The Best Mystery and Detective Stories HTML version

Just at the time when the Concordat was in its most flourishing condition, a young man
belonging to a wealthy and highly respected middle-class family went to the office of the
head of the police at P——, and begged for his help and advice, which was immediately
promised him.
"My father threatens to disinherit me," the young man then began, "although I have never
offended against the laws of the State, of morality or of his paternal authority, merely
because I do not share his blind reverence for the Catholic Church and her Ministers. On
that account he looks upon me, not merely as Latitudinarian, but as a perfect Atheist, and
a faithful old manservant of ours, who is much attached to me, and who accidentally saw
my father's will, told me in confidence that he had left all his property to the Jesuits. I
think this is highly suspicious, and I fear that the priests have been maligning me to my
father. Until less than a year ago, we used to live very quietly and happily together, but
ever since he has had so much to do with the clergy, our domestic peace and happiness
are at an end."
"What you have told me," the official replied, "is as likely as it is regrettable, but I fail to
see how I can interfere in the matter. Your father is in full possession of all his mental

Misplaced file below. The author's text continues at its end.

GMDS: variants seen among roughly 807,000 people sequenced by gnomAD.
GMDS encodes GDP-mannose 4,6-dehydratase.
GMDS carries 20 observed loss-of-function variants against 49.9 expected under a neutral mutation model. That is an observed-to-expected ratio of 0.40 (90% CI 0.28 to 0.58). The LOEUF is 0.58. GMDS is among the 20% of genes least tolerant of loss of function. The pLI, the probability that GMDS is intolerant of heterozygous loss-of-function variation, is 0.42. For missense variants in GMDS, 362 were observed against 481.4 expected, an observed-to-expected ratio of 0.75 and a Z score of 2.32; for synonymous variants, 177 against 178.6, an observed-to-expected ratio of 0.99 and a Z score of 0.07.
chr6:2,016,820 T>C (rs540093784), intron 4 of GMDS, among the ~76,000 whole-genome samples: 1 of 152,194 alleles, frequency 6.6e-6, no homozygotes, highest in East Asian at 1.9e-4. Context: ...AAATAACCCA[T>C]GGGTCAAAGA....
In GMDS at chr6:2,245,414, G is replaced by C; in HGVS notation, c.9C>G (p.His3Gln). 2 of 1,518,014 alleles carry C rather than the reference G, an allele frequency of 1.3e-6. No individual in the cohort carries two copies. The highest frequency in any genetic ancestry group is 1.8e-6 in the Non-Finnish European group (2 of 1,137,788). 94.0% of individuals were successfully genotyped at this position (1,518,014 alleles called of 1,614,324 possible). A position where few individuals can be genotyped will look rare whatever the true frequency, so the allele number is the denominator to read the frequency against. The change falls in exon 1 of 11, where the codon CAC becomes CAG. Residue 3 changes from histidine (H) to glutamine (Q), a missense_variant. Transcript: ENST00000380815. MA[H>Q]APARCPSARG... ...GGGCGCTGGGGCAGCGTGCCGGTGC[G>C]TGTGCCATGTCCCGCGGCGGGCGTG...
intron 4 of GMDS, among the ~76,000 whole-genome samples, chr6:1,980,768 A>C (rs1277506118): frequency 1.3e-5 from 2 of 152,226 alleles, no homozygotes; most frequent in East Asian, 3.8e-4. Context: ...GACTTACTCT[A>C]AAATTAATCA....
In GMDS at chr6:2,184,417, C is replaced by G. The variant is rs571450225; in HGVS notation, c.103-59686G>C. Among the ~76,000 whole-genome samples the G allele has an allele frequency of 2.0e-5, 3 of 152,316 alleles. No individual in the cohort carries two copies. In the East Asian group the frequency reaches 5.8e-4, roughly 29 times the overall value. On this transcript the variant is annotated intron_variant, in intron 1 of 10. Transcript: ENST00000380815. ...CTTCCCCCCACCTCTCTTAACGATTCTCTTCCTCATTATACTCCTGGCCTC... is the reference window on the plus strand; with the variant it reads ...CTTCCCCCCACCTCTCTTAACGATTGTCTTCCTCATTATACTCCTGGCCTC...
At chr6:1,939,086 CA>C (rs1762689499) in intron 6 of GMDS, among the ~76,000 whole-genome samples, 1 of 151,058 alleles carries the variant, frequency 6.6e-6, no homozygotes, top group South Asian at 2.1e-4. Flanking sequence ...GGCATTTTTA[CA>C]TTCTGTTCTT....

faculties, and can dispose of all his property exactly as he pleases. I also think that your
protest is premature; you must wait until his will can legally take effect, and then you can
invoke the aid of justice; I am sorry to say that I can do nothing for you."
"I think you will be able to," the young man replied; "for I believe that a very clever piece
of deceit is being carried on here."
"How? Please explain yourself more clearly."
"When I remonstrated with him, yesterday evening, he referred to my dead mother, and at
last assured me, in a voice of the deepest conviction, that she had frequently appeared to
him, and had threatened him with all the torments of the damned if he did not disinherit
his son, who had fallen away from God, and leave all his property to the Church. Now I
do not believe in ghosts."
"Neither do I," the police director replied; "but I cannot well do anything on this
dangerous ground if I had nothing but superstitions to go upon. You know how the
Church rules all our affairs since the Concordat with Rome, and if I investigate this
matter, and obtain no results, I am risking my post. It would be very different if you could
adduce any proofs for your suspicions. I do not deny that I should like to see the clerical
party, which will, I fear, be the ruin of Austria, receive a staggering blow; try, therefore,
to get to the bottom of this business, and then we will talk it over again."
About a month passed without the young Latitudinarian being heard of; but then he
suddenly came one evening, evidently in a great state of excitement, and told him that he